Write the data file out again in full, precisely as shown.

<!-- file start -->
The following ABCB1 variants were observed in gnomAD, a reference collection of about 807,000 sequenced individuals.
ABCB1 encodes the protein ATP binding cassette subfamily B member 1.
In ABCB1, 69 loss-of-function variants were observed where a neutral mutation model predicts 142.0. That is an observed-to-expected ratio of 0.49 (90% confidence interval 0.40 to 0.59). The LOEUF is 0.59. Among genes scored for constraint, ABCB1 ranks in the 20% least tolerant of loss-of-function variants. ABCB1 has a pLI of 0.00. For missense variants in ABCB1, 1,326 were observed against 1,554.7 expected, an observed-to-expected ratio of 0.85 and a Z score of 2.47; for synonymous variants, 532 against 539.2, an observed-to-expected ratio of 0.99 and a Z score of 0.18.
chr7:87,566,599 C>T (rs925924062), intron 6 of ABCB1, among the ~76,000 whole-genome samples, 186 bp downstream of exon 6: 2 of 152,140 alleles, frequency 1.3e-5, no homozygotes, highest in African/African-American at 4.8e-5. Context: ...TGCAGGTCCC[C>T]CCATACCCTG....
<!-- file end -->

The following ABCB1 variants were observed in gnomAD, a reference collection of about 807,000 sequenced individuals.
ABCB1 encodes the protein ATP binding cassette subfamily B member 1.
In ABCB1, 69 loss-of-function variants were observed where a neutral mutation model predicts 142.0. That is an observed-to-expected ratio of 0.49 (90% confidence interval 0.40 to 0.59). The LOEUF is 0.59. Among genes scored for constraint, ABCB1 ranks in the 20% least tolerant of loss-of-function variants. ABCB1 has a pLI of 0.00. For missense variants in ABCB1, 1,326 were observed against 1,554.7 expected, an observed-to-expected ratio of 0.85 and a Z score of 2.47; for synonymous variants, 532 against 539.2, an observed-to-expected ratio of 0.99 and a Z score of 0.18.
chr7:87,566,599 C>T (rs925924062), intron 6 of ABCB1, among the ~76,000 whole-genome samples, 186 bp downstream of exon 6: 2 of 152,140 alleles, frequency 1.3e-5, no homozygotes, highest in African/African-American at 4.8e-5. Context: ...TGCAGGTCCC[C>T]CCATACCCTG....